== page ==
The “shareholder comes first” has for years been the mantra of the Business Roundtable, a group that represents the most powerful CEOs in America and their thinking.
The group’s new principles on the role of a corporation released Monday imply a foundational shift, putting shareholders on more equal footing with others who have an interest in a corporation to some degree — including workers, suppliers, customers and, essentially, society at large.
“We know that many Americans are struggling. Too often hard work is not rewarded, and not enough is being done for workers to adjust to the rapid pace of change in the economy. If companies fail to recognize that the success of our system is dependent on inclusive long-term growth, many will raise legitimate questions about the role of large employers in our society,” the statement reads.
It’s an implicit recognition that corporations have a larger responsibility than a return on investment and also that more Americans are living under duress today. Wage gains have been nonexistent to moderate for years. Economic research as well as government data point to an era in which Americans must do more for less.
“The American dream is alive, but fraying,” Jamie Dimon, the chairman and CEO of JPMorgan who also chairs the Business Roundtable, said in a prepared statement.
A Federal Reserve Bank of St. Louis analysis found that corporate profits have far outpaced employee compensation since the early 2000s.
“This new statement better reflects the way corporations can and should operate today,” said Alex Gorsky, chairman and CEO of Johnson & Johnson. “It affirms the essential role corporations can play in improving our society when CEOs are truly committed to meeting the needs of all stakeholders.”
The statement is not a directive. Rather, it is a shared understanding among CEOs of companies that employ more than 15 million people with a collective $7 trillion in annual revenue.
Ken-Hou Lin, a sociology professor at the University of Texas at Austin who has studied corporations’ treatment of employees and shareholders, called the statement symbolically meaningful but said it was unclear whether it would have much impact.
It’s easier for companies to quantify success through shareholder value, or stock prices, Lin noted, than to document an adherence to other values. If the CEOs who signed the statement pledged something more specific at their companies, it could be more constructive, he said.
“For example, Jamie Dimon can remove all the forced arbitration clauses to serve the customers, raise tellers’ wages or lower fees on their products,” Lin wrote in an email. “I will be surprised if companies do start to act differently.”
“Talk is cheap,” added Adam Seth Litwin, associate professor of industrial and labor relations at Cornell University’s School of Industrial and Labor Relations. “The question is, how will these CEOs actually respond when the chips are down and shareholders really start making their usual demands for sky-high quarterly returns?”
In the meantime, many American workers have said they don’t feel much like beneficiaries of what is now the longest expansion on record because the kinds of jobs they once enjoyed — permanent positions, with stability, bonuses, pensions, benefits and opportunities to move up — are now rarer.
The Business Roundtable’s principle of purpose has historically been rooted in the words of economist Milton Friedman, who argued the sole purpose of a corporation was to maximize shareholder value.
The group in the past has fought anti-trust legislation, backed favorable tax cuts and successfully lobbied to dilute restrictions on executive compensation.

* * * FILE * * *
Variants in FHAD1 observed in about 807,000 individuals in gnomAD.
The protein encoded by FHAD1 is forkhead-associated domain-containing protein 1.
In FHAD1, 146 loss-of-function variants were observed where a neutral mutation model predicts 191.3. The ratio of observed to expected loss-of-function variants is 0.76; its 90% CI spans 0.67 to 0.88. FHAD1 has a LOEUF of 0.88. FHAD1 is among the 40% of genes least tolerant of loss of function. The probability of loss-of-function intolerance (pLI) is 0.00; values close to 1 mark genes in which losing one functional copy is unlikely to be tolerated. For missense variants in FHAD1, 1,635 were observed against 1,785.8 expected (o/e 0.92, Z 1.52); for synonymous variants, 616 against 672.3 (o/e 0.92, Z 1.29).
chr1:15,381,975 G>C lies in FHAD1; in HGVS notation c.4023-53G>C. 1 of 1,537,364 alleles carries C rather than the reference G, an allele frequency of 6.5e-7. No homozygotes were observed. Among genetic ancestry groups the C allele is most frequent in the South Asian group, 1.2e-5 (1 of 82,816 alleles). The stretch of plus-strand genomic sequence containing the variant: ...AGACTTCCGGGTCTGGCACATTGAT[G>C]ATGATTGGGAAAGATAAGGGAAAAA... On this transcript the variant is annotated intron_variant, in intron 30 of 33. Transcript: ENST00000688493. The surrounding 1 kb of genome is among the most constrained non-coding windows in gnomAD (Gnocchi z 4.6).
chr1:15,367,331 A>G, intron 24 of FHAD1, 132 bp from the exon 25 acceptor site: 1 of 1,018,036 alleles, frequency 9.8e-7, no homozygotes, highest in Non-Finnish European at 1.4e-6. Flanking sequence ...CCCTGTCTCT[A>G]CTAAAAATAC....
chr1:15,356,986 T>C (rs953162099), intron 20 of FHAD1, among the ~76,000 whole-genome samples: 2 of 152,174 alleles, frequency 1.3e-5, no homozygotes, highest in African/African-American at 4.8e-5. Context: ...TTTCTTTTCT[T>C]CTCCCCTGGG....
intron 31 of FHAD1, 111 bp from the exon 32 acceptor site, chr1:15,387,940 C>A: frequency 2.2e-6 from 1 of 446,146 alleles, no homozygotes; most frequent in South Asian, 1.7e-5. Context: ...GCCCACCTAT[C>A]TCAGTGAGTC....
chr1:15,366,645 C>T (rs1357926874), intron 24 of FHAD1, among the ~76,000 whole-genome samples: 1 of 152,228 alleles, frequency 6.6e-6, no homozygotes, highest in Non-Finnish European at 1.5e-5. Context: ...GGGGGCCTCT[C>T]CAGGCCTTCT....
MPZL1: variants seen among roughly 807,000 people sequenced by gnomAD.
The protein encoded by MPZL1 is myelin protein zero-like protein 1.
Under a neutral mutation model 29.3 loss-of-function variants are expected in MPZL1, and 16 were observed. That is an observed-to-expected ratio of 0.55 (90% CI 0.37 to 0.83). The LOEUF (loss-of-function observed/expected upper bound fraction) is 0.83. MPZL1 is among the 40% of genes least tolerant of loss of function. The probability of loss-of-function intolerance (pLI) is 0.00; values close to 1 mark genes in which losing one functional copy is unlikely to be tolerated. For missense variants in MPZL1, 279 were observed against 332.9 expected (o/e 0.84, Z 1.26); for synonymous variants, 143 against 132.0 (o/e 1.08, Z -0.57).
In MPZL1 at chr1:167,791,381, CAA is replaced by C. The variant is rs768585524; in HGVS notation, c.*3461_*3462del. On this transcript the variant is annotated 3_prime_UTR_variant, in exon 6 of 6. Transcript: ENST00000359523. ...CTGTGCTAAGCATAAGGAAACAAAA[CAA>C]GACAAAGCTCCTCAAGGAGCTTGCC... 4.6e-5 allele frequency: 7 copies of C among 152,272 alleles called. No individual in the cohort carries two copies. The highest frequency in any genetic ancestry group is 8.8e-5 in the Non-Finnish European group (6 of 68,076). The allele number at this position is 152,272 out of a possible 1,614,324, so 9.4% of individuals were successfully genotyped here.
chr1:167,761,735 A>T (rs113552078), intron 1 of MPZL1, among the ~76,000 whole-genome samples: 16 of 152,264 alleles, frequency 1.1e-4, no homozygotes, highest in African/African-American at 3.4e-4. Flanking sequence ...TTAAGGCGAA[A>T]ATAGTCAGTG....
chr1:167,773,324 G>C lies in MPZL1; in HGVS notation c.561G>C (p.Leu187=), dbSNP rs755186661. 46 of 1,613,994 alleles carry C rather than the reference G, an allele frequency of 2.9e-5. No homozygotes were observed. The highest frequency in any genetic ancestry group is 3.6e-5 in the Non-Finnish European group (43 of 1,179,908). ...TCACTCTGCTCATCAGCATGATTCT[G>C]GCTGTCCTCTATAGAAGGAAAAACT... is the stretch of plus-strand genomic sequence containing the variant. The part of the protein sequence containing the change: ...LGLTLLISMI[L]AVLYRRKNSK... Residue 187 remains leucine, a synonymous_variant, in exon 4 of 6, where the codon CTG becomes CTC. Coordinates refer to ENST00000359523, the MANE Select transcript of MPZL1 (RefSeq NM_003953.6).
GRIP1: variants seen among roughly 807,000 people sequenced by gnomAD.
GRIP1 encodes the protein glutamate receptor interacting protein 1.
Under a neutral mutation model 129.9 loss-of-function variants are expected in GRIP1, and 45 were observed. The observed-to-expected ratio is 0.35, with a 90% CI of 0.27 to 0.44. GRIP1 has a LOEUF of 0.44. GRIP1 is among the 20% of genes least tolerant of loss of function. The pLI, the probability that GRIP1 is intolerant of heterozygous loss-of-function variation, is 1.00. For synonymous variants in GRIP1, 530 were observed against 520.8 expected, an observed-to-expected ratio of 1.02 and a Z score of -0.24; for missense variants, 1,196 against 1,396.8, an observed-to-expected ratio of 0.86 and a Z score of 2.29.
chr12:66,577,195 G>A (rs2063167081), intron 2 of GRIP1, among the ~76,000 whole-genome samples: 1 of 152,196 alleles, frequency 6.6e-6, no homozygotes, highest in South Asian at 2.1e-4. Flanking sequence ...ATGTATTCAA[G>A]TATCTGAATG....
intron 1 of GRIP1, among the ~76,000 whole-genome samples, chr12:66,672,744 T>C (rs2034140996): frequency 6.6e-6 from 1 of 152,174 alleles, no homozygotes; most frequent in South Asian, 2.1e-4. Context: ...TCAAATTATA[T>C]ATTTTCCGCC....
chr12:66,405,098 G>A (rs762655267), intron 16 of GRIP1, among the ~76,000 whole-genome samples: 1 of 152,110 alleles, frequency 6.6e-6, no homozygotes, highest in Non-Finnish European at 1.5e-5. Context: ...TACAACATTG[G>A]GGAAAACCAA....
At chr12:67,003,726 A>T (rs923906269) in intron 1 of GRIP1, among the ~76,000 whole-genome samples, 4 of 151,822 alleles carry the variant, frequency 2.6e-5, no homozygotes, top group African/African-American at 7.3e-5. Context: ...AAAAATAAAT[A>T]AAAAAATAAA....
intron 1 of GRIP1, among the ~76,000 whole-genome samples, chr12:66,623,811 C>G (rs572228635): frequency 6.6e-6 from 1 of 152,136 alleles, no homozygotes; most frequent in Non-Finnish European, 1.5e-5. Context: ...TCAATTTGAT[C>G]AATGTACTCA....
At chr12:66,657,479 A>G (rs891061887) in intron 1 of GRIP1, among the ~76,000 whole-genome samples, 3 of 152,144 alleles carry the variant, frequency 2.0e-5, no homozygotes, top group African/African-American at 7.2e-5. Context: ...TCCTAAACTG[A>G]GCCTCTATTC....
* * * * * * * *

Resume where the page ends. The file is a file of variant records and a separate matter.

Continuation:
The language of its mission statement has been tweaked over the years, sometimes distancing itself from Friedman during times of economic instability.
During a recession in the early 1990s, the statement said corporations were meant to “serve both their shareholders and society as a whole.”
In the recovery years following the Great Recession, the group said it was up to corporations to responsibly “deal with its employees, customers, suppliers and other constituencies in a fair and equitable manner.”
However, the statement released Monday goes further than stances the group has taken in the past, seemingly acknowledging the growing momentum to find a solution to financial inequality in the U.S. as it worsens.
Inequality has become a national narrative in the lead-up to the 2020 presidential election. Democratic presidential candidates have pushed for a seat on corporate boards chosen by employees and tying stock buybacks, which benefits investors, to employee pay at that company.
The push to rethink the role of corporations in society has not come exclusively from the political arena. This time, there is pressure from Wall Street power brokers as well.
In April, the renowned hedge fund manager Ray Dalio stunned Wall Street with an extended essay in which he wrote, “everything must evolve or die. This is now true for capitalism.”
“It’s producing self-reinforcing spirals up for the haves and down for the have-nots,” Dalio wrote. “This is creating widening income/wealth/opportunity gaps that pose existential threats to the United States because these gaps are bringing about damaging domestic and international conflicts and weakening America’s condition.”
How much sway a mission statement from the Business Roundtable will have cannot be measured, but economic pressure on corporations, workers and consumers may grow more intense in the near future.
On Monday a survey released by the National Association for Business Economics indicated that 34% of economists believe a slowing economy will tip the U.S. into recession in 2021.
That’s up from 25% in a survey taken in February.
AP writer Michelle R. Smith in Providence, Rhode Island, contributed to this report.
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